The Transcendental Argument and The Gospel

One of the strongest arguments for the existence of God is the transcendental argument. I’ve covered elsewhere (see links below), but this all-encompassing argument claims that to deny the existence of the Christian God is to uncut the very meaningfulness of the most important everyday realities we take for granted.

This is all bold and exciting stuff, but so often it can seem distant from the central truths of the Christian faith. It can feel like a far cry from the gospel of Jesus Christ.

But is this true?

I suggest that once we move past that initial sentiment, and reflect among what’s being taught in the transcendental argument, we’ll see that a proper handling of the argument actually creates a bridge, not a hindrance, to the gospel.

So let’s reevaluate the claims of the transcendental argument and see what it tells us about God and man.

What the argument tells us about God. The argument clearly communicates God as the one with whom we have to do. God is there, and he is not silent. In knowing anything about the world we, in fact, know the one true and living God.

Furthermore, we learn…

  • only God accounts for the causation of the universe. This means he has the power to accomplish all that he wants to.
  • God is the very standard of good and righteous behavior mean that he is not passive in evaluating our behavior (whether expressed in thought, word, or deed), and stands against our unrighteousness.
  • God’s existence accounts for rationality and the laws of thought. This means that in our moments of intellectual clarity we reflect God, and when we reason against him we are turning his good gift against him.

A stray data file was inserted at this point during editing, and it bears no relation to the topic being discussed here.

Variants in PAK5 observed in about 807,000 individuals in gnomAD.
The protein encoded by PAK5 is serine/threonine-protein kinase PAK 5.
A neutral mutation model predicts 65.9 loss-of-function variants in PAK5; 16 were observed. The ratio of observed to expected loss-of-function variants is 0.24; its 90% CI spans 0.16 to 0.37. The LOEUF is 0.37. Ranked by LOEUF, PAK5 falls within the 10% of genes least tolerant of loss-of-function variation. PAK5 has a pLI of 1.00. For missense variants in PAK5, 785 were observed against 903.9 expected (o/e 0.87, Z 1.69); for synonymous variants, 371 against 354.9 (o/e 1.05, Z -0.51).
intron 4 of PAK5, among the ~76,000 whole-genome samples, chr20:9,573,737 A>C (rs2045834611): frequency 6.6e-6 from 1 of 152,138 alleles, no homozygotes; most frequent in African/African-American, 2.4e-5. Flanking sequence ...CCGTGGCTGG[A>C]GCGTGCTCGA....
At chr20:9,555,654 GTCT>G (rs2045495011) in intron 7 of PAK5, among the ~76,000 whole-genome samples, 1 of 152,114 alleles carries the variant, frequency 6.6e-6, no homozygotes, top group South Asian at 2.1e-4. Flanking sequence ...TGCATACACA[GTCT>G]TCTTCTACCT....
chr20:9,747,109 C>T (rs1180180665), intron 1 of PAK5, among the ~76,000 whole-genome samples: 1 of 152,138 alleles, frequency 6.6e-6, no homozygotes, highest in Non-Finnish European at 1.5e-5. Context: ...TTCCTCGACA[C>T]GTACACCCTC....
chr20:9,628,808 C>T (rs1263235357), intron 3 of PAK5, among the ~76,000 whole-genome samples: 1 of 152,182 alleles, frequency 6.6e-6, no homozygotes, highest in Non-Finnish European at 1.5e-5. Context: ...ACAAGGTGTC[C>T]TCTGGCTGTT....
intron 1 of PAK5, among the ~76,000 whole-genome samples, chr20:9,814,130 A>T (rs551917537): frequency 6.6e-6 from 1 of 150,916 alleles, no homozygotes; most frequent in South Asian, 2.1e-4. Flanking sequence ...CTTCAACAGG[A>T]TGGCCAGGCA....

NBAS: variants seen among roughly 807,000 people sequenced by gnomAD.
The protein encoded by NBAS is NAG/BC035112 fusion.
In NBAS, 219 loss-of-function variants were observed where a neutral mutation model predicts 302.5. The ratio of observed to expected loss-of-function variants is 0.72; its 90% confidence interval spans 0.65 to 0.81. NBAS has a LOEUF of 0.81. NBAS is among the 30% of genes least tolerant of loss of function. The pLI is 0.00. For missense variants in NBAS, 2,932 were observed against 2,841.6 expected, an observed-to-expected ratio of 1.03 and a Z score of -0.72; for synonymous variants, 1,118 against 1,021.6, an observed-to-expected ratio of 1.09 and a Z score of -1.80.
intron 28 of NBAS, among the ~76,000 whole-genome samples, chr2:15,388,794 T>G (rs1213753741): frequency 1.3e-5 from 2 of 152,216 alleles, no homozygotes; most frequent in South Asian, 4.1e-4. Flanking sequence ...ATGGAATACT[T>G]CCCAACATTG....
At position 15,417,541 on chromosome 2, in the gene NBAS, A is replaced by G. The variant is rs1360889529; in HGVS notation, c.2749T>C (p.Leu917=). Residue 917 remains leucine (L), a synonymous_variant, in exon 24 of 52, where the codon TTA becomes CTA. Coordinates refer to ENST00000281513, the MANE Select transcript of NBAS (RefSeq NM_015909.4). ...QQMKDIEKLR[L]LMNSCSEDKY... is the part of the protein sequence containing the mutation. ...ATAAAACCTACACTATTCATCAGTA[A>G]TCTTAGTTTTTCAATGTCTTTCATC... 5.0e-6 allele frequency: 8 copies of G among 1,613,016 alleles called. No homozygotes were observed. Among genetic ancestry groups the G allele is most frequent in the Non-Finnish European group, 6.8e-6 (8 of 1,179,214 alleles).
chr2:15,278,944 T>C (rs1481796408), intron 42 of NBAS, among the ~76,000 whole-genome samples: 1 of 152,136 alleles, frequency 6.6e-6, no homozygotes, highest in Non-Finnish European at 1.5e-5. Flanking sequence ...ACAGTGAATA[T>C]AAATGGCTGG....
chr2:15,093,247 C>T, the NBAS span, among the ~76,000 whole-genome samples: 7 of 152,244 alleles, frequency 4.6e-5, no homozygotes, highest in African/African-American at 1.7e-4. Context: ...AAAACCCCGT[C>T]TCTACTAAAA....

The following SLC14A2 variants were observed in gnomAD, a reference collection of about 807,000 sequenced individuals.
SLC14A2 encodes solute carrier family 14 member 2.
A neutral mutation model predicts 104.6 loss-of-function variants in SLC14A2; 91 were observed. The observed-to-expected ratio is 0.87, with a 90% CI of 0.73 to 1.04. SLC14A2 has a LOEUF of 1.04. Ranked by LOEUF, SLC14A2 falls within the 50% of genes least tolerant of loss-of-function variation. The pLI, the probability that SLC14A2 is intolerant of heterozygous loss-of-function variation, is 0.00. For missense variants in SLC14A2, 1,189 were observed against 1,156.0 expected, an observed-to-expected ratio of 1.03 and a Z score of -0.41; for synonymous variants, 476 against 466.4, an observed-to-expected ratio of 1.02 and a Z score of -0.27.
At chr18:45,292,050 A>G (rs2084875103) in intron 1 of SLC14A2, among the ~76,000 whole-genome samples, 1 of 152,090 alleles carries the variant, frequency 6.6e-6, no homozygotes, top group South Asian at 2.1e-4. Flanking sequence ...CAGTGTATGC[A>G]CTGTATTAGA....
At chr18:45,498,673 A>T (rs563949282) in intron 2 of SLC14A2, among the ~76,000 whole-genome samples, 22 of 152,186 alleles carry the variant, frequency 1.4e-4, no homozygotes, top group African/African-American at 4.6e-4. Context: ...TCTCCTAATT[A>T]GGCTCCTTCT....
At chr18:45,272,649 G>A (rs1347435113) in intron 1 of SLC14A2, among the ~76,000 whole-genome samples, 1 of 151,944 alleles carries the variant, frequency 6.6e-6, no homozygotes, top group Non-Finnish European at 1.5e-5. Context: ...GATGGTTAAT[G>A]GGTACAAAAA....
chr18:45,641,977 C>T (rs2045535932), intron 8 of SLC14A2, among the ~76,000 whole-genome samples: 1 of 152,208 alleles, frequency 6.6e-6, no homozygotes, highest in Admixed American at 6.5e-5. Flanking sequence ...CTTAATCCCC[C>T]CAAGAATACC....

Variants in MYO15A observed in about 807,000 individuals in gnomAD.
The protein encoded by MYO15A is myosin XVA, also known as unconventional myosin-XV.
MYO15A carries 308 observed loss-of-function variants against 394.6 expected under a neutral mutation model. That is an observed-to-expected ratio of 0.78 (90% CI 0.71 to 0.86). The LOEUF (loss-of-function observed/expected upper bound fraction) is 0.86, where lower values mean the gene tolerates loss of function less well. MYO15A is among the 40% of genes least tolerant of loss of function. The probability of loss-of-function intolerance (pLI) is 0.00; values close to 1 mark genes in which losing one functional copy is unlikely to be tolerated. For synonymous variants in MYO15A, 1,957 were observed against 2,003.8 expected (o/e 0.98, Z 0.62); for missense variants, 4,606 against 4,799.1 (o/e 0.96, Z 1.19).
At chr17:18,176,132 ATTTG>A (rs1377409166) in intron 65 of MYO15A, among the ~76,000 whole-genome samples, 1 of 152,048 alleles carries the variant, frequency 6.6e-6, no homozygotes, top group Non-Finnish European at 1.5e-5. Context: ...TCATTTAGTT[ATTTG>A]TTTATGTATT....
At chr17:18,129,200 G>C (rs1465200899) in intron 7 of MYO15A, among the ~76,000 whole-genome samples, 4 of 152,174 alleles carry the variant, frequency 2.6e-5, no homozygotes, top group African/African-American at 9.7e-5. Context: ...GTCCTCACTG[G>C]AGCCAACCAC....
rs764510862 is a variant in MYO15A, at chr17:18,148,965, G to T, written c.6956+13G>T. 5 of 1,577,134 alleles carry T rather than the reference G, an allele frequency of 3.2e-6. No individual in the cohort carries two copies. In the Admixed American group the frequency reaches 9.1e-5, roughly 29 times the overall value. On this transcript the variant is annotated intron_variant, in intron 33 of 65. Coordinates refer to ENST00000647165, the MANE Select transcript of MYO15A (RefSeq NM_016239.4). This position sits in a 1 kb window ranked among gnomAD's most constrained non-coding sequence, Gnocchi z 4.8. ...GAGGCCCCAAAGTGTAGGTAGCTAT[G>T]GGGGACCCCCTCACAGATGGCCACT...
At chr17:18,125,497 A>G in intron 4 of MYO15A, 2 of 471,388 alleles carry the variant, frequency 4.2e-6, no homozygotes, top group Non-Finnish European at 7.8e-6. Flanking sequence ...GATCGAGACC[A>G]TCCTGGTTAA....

What the argument tells us about humanity. But the argument goes further. Not only does it tell about who God is, but it tells us who we are.

  • Man receives God’s revelation of himself through the things God has made.
  • Man suppresses that revelation of God because of his hostility toward God
  • Those who search (in vain) for alternate groundings for the laws of thought are not running toward rationality and logic, but running in the exact opposite direction.

And so if the argument is sound, it pulls back the curtain and reveals what is really going on. God, the true God, is revealed everywhere, in and through every created thing, to every human being. The unbeliever is ultimately not a Christian because they lack information, or require superior rational arguments. They have a deep-seated hostility toward the true God.

This is why the transcendental argument is an incredibly powerful tool in the apologist’s toolbox. It is a multifaceted argument, one that not only argues for the existence of God, but reveals man’s sin, and naturally leads to a biblical solution to the problem: the gospel.

Whereas the revealation of God in the created order is sufficient only to condemn us for our sin, the gospel reveals that the final Judge is also gracious and merciful. The gospel reveals the character of God as generous and forgiving, something the philosopher will search for in vain in their “first principles.” The gospel reveals that God can grant the power to overcome humanity’s rebellion and by the Spirit give him the ability to think God’s thoughts after him.

For more, see

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Posted on March 15, 2017, in Philosophical Apologetics, Presuppositional apologetics, The Gospel and tagged , , . Bookmark the permalink. 6 Comments.

  1. This is the presuppositional argument. I don’t find it convincing at all. Where is the evidence that God exists at all or that the Bible is the Word of God?

    • Mark, thank you for dropping by. This post does not contain the argument itself, only it’s implications. That is to say that a number of unargued assertions are made that aren’t defended (since they are made elsewhere on the blog). So, if you were looking to this entry as a defense of the transcendental argument, this wasn’t the post for you.

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